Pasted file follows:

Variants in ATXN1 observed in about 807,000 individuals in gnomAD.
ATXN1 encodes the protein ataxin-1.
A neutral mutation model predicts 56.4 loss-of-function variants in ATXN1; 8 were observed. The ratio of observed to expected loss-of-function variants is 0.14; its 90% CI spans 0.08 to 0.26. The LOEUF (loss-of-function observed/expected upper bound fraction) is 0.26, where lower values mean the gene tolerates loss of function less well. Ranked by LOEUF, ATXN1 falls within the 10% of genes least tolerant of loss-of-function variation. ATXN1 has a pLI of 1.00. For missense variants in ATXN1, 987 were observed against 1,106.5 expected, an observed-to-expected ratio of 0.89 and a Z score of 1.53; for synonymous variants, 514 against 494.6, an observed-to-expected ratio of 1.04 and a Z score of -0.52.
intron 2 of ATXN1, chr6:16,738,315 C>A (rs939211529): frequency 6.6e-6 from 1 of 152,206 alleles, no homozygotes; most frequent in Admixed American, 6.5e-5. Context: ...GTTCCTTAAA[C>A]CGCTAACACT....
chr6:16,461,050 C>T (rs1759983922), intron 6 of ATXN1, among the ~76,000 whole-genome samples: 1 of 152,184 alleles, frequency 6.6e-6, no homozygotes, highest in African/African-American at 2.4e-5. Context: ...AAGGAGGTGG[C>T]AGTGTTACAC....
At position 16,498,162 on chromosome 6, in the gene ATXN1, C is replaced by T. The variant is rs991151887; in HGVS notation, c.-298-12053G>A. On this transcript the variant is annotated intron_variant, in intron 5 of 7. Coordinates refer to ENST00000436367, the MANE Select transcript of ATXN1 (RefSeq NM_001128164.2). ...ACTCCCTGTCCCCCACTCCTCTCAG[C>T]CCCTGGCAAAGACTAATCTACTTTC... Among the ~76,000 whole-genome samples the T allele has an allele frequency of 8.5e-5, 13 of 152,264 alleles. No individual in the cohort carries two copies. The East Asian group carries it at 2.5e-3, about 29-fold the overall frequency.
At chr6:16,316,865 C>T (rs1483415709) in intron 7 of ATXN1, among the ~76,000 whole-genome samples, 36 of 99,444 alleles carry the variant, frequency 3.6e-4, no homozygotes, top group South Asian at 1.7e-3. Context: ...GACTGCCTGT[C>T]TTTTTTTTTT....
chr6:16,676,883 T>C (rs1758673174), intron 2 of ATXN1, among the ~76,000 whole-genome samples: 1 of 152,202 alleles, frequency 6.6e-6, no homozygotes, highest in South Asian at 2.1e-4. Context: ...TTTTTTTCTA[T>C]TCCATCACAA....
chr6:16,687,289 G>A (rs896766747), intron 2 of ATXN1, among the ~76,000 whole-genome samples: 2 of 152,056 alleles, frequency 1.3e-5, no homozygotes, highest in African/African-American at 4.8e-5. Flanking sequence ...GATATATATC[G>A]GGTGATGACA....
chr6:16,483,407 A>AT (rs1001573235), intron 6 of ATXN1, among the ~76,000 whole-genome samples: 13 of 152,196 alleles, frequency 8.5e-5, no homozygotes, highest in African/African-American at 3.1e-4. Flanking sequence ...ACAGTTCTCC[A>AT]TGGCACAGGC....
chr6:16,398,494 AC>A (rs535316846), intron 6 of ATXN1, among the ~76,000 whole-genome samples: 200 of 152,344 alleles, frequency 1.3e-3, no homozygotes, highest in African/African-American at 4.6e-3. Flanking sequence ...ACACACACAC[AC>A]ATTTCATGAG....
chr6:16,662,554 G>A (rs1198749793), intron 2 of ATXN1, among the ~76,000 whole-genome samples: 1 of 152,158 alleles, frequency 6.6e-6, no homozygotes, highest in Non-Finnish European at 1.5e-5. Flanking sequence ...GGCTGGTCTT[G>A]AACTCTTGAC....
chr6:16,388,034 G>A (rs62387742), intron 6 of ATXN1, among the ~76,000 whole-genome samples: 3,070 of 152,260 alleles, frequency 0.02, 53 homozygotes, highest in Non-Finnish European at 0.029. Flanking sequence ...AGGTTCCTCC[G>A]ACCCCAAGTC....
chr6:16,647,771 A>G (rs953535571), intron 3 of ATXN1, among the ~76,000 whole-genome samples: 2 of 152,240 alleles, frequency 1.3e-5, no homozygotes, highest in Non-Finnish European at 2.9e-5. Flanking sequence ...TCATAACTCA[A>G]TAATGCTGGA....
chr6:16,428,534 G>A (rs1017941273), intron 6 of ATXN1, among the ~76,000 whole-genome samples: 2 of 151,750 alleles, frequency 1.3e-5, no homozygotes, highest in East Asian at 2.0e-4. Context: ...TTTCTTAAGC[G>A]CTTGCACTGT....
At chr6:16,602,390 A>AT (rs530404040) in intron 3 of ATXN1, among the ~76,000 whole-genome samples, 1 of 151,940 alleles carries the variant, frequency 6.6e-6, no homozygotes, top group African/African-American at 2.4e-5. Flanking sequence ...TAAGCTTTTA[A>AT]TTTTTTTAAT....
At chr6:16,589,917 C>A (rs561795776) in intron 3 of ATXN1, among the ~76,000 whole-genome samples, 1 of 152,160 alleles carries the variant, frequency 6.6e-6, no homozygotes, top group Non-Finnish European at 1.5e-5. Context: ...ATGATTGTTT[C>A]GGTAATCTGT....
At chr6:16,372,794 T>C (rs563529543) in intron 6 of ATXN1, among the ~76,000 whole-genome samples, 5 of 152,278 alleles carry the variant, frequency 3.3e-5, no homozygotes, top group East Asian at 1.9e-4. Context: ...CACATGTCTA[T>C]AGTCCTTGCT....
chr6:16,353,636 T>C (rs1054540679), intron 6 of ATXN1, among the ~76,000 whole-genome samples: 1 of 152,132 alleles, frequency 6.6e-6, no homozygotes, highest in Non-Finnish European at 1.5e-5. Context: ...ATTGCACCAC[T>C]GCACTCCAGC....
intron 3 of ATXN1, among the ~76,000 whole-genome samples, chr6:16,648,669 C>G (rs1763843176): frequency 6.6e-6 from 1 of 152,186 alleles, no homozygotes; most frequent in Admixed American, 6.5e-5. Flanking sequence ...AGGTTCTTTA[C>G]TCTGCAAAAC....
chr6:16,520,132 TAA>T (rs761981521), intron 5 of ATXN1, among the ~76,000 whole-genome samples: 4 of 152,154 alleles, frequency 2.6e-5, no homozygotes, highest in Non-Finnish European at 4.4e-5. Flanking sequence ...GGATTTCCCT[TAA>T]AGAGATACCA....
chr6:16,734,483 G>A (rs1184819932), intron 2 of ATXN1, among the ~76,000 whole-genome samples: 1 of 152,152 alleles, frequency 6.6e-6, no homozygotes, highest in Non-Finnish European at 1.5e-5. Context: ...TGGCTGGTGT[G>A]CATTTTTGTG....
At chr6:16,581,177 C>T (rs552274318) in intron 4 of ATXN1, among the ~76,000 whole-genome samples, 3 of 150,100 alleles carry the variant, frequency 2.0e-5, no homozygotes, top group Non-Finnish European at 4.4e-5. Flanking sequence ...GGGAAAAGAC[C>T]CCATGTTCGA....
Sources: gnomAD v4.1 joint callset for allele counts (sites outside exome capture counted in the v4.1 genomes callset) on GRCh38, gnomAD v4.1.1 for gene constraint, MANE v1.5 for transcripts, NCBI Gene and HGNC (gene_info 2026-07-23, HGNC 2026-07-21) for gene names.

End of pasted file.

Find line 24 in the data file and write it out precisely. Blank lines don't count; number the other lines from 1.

Sources: gnomAD v4.1 joint callset for allele counts (sites outside exome capture counted in the v4.1 genomes callset) on GRCh38, gnomAD v4.1.1 for gene constraint, MANE v1.5 for transcripts, NCBI Gene and HGNC (gene_info 2026-07-23, HGNC 2026-07-21) for gene names.